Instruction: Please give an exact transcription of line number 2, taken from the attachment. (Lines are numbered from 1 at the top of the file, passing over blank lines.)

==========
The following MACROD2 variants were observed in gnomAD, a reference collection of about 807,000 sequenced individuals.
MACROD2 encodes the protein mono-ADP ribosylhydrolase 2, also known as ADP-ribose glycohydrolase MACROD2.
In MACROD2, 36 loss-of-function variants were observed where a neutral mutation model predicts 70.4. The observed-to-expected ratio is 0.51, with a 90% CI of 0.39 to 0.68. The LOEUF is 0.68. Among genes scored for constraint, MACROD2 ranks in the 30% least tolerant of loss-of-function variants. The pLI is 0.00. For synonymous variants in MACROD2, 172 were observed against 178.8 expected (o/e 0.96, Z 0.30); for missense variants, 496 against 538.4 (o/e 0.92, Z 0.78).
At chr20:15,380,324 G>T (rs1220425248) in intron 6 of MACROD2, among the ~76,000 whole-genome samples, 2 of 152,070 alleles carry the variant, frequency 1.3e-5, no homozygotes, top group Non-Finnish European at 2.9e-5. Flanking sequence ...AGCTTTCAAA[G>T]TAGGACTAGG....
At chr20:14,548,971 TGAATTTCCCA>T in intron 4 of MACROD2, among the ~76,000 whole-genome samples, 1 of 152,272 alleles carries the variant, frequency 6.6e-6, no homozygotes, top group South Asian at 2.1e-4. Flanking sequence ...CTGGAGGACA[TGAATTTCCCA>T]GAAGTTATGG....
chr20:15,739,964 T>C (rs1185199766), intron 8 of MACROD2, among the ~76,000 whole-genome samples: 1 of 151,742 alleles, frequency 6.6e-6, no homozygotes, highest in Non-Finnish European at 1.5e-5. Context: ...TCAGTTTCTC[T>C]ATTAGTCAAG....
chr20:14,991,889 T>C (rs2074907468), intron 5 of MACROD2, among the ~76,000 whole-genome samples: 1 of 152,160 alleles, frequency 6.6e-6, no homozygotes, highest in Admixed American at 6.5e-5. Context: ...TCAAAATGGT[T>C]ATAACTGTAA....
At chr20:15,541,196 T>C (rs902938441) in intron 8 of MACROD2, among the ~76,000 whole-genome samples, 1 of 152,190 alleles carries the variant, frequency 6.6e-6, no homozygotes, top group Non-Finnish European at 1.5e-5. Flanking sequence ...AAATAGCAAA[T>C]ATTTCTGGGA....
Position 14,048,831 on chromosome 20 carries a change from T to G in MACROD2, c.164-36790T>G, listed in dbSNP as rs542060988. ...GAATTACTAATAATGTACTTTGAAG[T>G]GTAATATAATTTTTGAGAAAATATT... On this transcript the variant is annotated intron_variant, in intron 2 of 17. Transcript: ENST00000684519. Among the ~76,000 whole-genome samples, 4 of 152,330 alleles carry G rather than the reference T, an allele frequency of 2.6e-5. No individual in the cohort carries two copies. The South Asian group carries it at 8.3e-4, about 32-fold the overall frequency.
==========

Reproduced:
MACROD2 encodes the protein mono-ADP ribosylhydrolase 2, also known as ADP-ribose glycohydrolase MACROD2.